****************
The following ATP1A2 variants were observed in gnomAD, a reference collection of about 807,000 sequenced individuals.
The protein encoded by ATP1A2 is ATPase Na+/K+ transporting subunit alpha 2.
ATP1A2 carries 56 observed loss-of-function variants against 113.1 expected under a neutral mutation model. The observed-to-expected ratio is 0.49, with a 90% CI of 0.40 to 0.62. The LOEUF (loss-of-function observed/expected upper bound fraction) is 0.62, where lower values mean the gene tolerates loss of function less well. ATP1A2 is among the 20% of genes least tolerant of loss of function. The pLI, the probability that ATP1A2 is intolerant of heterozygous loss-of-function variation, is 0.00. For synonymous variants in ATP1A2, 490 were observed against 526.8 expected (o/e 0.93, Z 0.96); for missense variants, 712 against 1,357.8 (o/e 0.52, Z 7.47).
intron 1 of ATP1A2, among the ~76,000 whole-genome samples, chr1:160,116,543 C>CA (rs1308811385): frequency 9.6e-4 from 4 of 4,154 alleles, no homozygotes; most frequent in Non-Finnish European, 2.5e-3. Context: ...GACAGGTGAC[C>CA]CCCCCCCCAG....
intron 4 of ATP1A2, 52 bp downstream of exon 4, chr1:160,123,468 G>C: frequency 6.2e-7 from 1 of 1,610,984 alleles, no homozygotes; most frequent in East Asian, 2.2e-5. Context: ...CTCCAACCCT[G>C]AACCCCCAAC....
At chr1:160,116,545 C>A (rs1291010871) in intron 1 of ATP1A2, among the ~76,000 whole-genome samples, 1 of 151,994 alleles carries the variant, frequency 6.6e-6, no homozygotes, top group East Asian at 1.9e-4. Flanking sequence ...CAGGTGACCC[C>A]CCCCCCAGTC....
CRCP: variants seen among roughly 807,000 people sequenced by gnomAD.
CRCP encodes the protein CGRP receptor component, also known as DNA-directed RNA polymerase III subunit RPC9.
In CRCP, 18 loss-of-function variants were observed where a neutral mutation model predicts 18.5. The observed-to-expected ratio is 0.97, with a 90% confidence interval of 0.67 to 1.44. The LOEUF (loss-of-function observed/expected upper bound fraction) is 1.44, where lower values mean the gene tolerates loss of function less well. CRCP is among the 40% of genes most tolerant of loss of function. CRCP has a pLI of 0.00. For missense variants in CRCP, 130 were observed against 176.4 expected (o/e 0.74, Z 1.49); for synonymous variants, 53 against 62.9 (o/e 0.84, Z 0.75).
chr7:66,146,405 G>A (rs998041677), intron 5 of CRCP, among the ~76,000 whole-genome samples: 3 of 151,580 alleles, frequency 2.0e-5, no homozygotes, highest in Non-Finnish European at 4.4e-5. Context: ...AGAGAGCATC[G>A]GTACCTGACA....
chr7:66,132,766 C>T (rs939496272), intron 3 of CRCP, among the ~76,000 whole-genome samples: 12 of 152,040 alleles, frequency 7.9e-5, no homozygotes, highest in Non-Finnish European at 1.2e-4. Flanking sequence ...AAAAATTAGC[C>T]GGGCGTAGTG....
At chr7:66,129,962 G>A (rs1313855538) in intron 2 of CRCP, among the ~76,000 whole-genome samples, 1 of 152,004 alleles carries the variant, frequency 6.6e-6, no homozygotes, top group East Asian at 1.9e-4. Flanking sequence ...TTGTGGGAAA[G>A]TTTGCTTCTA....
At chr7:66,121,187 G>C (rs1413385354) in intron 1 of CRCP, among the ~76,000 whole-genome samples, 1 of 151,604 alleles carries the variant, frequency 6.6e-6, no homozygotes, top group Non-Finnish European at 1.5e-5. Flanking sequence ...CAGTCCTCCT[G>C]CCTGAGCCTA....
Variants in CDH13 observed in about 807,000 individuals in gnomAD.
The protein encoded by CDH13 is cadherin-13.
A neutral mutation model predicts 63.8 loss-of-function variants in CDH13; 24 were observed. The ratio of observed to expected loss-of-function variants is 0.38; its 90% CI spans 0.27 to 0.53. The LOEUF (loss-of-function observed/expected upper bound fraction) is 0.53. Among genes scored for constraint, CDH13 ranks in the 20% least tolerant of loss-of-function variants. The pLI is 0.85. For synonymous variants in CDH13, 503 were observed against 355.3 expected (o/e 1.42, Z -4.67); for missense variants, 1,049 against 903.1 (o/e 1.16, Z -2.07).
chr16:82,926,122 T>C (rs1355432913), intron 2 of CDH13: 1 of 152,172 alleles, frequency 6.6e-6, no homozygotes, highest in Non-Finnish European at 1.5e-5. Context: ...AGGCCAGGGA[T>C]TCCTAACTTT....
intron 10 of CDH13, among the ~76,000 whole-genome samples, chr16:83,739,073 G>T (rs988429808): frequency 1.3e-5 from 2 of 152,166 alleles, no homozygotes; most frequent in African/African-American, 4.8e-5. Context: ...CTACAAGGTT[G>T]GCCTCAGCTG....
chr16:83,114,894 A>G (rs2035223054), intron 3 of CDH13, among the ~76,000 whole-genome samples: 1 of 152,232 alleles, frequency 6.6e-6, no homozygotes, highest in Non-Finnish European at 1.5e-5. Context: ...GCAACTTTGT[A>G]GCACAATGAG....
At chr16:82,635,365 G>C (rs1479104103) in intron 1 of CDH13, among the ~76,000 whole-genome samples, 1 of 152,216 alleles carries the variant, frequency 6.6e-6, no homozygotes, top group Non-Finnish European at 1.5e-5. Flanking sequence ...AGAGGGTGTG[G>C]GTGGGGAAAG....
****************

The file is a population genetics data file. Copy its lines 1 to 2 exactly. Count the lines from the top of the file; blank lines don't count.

The following ATP1A2 variants were observed in gnomAD, a reference collection of about 807,000 sequenced individuals.
The protein encoded by ATP1A2 is ATPase Na+/K+ transporting subunit alpha 2.